Figure 5: MSCs attenuate neutrophil recruitment via hindering CXCL2/CXCR2 signaling. (a, e) Surface expression of CXCR2 on neutrophils was detected by flow cytometry analysis. (b) The mean fluorescence intensity of CXCR2 on the surface of neutrophils was recorded. (c) The levels of p38 MAPK phosphorylation in neutrophils were detected by flow cytometry analysis, and (d) the consequences were verified by Western blot analysis. (f) The expression levels of mRNA of various chemokines involved in hepatic IRI were analyzed by qRT-PCR. Fold change represents the expression of each chemokine in I/R liver lobes 12 h postreperfusion compared with normal liver. (g) Macrophages were cultured in the presence or absence of MSCs for 12 h. The concentration of CXCL2 in the supernatant was measured by ELISA. (h) The levels of NF-κB p65 phosphorylation in macrophages were detected by flow cytometry analysis. Data are mean ± SD. , , . p-P38: phospho-p38 MAPK; p-P65: phospho-NF-κB p65.
3.6. MSCs Inhibit Macrophage CXCL2 Expression via Attenuation of NF-κB p65 Phosphorylation

As shown in Figure 5(f), the CXCL2 mRNA expression level was almost 30 times higher in I/R injured liver lobes and exhibited the most significant change among the tested chemokines. Injection of MSCs significantly attenuated CXCL2 mRNA expression (Figure 3(a)) and protein production (Figure 3(b)). In vitro, these changes of CXCL2 expression (Figure 5(g)) were correlated with the phosphorylation of NF-κB p65 in macrophages. MSCs inhibited the activation of NF-κB p65 of macrophages (Figure 5(h)).

4. Discussion

Hepatic IRI occurs in diverse clinical situations, such as hepatic resection, liver transplantation, shock, and trauma. In particular, in liver transplantation, IRI is the main cause of morbidity and mortality due to graft rejection [18]. Previous studies have shown that liver damage is mainly caused during reperfusion period, and neutrophils are considered central factors in the events leading to injury after reperfusion [19]. MSCs represent a promising candidate for liver cell therapy because of their immunomodulation of both adaptive and innate immunity [20]. So far, few studies have examined the effects of MSCs on hepatic IRI [21]. In this study, we investigate the roles of MSCs on hepatic inflammatory response, neutrophil recruitment, and liver tissue damage in a rat model of partial hepatic IRI. We reported that injected MSCs accumulated in damaged liver lobes and effectively protected rat against hepatic IRI, with significantly decreased serum levels of liver enzymes, attenuated hepatic neutrophil infiltration, reduced expression of apoptosis-associated proteins, and ameliorated liver pathological changes. We further demonstrated that MSCs significantly inhibited IRI-stimulated overexpression and release of neutrophil chemoattractant CXCL2 through attenuation of NF-κB p65 activation and substantially attenuated neutrophil chemotaxis via downregulation of CXCR2 expression by increasing of p38 MAPK phosphorylation in neutrophils.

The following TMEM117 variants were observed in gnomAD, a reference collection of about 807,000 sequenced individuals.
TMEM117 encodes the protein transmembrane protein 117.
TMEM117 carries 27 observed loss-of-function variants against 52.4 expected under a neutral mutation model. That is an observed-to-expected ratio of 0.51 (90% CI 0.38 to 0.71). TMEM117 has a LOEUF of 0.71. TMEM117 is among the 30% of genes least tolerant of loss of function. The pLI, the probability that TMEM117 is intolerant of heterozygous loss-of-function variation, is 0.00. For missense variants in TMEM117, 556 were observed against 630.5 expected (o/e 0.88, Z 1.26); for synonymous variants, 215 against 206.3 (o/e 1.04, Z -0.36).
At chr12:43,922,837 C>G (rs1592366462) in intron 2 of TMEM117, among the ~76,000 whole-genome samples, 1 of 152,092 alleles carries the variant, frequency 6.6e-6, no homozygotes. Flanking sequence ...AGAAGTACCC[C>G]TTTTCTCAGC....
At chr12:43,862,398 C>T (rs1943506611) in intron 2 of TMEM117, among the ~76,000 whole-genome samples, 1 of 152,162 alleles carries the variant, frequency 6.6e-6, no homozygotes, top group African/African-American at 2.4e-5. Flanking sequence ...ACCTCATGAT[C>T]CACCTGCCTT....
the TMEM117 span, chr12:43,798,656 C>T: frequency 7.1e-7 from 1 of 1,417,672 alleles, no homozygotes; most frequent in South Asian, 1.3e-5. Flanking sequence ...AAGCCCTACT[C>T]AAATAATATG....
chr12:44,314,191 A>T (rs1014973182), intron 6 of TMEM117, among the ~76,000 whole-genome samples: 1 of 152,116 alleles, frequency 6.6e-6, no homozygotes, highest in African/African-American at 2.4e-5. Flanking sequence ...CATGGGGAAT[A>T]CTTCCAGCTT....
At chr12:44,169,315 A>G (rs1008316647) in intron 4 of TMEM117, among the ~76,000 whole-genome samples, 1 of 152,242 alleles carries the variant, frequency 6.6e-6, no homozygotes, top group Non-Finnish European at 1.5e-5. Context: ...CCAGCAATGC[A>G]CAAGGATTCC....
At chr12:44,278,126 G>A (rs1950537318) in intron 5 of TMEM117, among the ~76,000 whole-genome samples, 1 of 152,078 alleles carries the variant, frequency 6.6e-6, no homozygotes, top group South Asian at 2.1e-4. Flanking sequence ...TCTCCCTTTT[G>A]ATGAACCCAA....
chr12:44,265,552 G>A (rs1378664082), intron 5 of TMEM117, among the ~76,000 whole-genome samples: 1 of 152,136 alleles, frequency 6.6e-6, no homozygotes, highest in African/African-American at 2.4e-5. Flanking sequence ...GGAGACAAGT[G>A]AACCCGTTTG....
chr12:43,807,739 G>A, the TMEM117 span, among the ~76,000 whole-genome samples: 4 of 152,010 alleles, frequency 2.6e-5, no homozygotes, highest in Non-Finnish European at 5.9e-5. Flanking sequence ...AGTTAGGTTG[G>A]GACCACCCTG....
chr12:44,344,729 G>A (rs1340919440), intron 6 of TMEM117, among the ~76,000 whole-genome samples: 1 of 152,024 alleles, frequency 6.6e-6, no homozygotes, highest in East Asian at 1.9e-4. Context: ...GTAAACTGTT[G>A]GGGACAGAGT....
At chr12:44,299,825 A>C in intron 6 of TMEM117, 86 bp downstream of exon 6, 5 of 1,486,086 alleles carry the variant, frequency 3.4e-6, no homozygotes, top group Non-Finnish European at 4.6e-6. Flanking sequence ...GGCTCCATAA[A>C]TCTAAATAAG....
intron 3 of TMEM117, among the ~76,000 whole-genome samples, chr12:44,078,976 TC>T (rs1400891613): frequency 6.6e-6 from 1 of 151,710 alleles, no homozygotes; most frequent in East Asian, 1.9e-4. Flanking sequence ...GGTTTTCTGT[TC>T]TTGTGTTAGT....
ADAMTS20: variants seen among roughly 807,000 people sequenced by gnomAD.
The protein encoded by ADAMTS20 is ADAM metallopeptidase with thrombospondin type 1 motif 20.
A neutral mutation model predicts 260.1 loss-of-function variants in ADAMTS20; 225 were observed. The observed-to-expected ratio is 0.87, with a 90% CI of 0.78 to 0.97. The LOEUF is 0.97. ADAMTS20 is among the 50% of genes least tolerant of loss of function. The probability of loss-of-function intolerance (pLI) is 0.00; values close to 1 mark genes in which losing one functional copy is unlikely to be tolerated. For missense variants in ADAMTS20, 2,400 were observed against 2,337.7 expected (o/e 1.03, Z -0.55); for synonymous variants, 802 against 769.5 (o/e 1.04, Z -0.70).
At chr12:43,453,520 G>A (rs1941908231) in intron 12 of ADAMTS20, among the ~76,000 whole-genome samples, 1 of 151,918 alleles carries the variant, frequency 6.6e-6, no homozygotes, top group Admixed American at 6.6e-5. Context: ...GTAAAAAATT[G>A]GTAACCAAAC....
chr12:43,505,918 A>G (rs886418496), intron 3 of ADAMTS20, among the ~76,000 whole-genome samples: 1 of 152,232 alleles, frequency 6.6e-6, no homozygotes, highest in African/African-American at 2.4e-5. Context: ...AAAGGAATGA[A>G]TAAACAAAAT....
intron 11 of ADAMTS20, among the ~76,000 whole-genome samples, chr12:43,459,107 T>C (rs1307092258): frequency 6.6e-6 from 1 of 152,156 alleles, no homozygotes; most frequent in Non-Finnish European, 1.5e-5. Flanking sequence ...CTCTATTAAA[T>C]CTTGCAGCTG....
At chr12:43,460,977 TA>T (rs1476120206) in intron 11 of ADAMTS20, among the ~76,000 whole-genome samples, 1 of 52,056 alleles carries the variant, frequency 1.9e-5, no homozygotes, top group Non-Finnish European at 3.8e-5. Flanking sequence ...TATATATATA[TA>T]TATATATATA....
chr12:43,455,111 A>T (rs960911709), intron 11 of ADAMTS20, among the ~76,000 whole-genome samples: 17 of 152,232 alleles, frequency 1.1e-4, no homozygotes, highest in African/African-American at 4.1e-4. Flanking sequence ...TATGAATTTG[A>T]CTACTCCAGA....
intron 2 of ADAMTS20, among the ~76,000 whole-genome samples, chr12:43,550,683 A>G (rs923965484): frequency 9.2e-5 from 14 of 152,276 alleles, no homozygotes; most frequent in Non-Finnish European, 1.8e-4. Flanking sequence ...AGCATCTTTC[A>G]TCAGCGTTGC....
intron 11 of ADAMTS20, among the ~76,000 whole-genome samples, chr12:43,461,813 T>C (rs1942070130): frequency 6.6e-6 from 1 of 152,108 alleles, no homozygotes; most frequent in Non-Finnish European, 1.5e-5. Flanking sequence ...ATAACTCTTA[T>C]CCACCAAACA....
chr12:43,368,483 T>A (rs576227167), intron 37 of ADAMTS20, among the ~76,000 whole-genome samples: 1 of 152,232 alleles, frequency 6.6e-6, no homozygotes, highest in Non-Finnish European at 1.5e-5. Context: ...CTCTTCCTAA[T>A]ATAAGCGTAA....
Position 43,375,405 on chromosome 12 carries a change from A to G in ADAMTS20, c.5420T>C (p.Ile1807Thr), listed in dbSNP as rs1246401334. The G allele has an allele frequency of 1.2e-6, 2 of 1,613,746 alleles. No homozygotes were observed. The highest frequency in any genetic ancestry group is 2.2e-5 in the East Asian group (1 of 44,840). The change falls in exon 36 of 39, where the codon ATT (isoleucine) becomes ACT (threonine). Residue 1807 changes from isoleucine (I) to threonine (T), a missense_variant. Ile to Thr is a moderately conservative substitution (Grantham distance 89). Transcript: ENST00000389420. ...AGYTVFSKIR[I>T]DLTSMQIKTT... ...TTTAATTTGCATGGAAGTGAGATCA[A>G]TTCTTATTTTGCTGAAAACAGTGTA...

As shown in previous studies, hepatic IRI should be considered as an innate immunity-dominated inflammation response [22]. Liver damage is driven by a complex set of leukocytes, including natural killer cells, natural killer T cells, dendritic cells, neutrophils, and eosinophils. Neutrophils, the largest circulating fraction of leukocytes, arrive at the injury site first and play the crucial role in liver injury. It has been reported that the extent of neutrophil sequestration in patients with ischemic or alcoholic liver disease correlates strongly with disease severity [23], while depletion of neutrophils before hepatic insult can limit tissue injury in animal experiments [24]. In the present study, after 12 h of reperfusion in the IRI rats, histopathologic examination showed markedly hepatocellular injury including swelling, apoptosis, and necrosis, which was consistent with high levels of AST and ALT in the serum. The pathology was observed by the concurrent recruitment of neutrophils in the liver. Treatment with MSCs significantly attenuated I/R-induced influx of neutrophils into the liver, thus ameliorating liver injury. We further confirmed the MSC homing phenomenon by using MRI tracking technology. As with similar other studies [2527], MSCs docked preferentially to injured sites. In consideration of the paracrine and regeneration mechanism of MSCs in cell therapy, their ability of trafficking to particular tissues deserves further research [28].